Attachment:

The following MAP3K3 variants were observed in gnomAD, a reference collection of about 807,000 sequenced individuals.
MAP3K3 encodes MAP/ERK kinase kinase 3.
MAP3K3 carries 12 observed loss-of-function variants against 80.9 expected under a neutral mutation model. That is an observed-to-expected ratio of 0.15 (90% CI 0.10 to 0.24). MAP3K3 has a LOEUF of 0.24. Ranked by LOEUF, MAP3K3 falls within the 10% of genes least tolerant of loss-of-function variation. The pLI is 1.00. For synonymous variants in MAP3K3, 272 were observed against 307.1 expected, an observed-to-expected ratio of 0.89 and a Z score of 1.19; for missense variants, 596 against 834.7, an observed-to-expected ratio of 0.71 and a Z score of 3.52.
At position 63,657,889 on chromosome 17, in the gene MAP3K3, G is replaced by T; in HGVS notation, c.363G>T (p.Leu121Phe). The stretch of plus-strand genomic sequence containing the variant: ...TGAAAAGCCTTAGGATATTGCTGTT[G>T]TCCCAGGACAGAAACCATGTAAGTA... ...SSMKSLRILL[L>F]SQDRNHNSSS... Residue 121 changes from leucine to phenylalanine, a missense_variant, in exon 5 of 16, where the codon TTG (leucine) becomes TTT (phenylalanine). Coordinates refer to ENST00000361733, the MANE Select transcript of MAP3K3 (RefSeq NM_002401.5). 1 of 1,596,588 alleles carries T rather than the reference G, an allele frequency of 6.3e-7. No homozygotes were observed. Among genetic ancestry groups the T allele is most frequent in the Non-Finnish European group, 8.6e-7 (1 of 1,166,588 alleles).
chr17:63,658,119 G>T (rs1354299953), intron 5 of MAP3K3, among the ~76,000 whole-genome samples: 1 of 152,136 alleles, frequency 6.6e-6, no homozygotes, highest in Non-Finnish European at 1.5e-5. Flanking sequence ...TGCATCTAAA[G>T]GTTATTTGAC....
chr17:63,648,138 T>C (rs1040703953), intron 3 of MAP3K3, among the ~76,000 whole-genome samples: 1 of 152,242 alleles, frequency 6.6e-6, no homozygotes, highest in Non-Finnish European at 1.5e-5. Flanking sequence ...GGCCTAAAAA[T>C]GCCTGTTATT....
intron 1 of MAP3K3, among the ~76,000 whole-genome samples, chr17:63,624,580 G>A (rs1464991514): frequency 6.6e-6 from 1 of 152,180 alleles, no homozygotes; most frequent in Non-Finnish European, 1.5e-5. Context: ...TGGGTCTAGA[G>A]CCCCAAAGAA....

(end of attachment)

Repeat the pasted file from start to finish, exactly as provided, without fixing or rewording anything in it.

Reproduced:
The following MAP3K3 variants were observed in gnomAD, a reference collection of about 807,000 sequenced individuals.
MAP3K3 encodes MAP/ERK kinase kinase 3.
MAP3K3 carries 12 observed loss-of-function variants against 80.9 expected under a neutral mutation model. That is an observed-to-expected ratio of 0.15 (90% CI 0.10 to 0.24). MAP3K3 has a LOEUF of 0.24. Ranked by LOEUF, MAP3K3 falls within the 10% of genes least tolerant of loss-of-function variation. The pLI is 1.00. For synonymous variants in MAP3K3, 272 were observed against 307.1 expected, an observed-to-expected ratio of 0.89 and a Z score of 1.19; for missense variants, 596 against 834.7, an observed-to-expected ratio of 0.71 and a Z score of 3.52.
At position 63,657,889 on chromosome 17, in the gene MAP3K3, G is replaced by T; in HGVS notation, c.363G>T (p.Leu121Phe). The stretch of plus-strand genomic sequence containing the variant: ...TGAAAAGCCTTAGGATATTGCTGTT[G>T]TCCCAGGACAGAAACCATGTAAGTA... ...SSMKSLRILL[L>F]SQDRNHNSSS... Residue 121 changes from leucine to phenylalanine, a missense_variant, in exon 5 of 16, where the codon TTG (leucine) becomes TTT (phenylalanine). Coordinates refer to ENST00000361733, the MANE Select transcript of MAP3K3 (RefSeq NM_002401.5). 1 of 1,596,588 alleles carries T rather than the reference G, an allele frequency of 6.3e-7. No homozygotes were observed. Among genetic ancestry groups the T allele is most frequent in the Non-Finnish European group, 8.6e-7 (1 of 1,166,588 alleles).
chr17:63,658,119 G>T (rs1354299953), intron 5 of MAP3K3, among the ~76,000 whole-genome samples: 1 of 152,136 alleles, frequency 6.6e-6, no homozygotes, highest in Non-Finnish European at 1.5e-5. Flanking sequence ...TGCATCTAAA[G>T]GTTATTTGAC....
chr17:63,648,138 T>C (rs1040703953), intron 3 of MAP3K3, among the ~76,000 whole-genome samples: 1 of 152,242 alleles, frequency 6.6e-6, no homozygotes, highest in Non-Finnish European at 1.5e-5. Flanking sequence ...GGCCTAAAAA[T>C]GCCTGTTATT....
intron 1 of MAP3K3, among the ~76,000 whole-genome samples, chr17:63,624,580 G>A (rs1464991514): frequency 6.6e-6 from 1 of 152,180 alleles, no homozygotes; most frequent in Non-Finnish European, 1.5e-5. Context: ...TGGGTCTAGA[G>A]CCCCAAAGAA....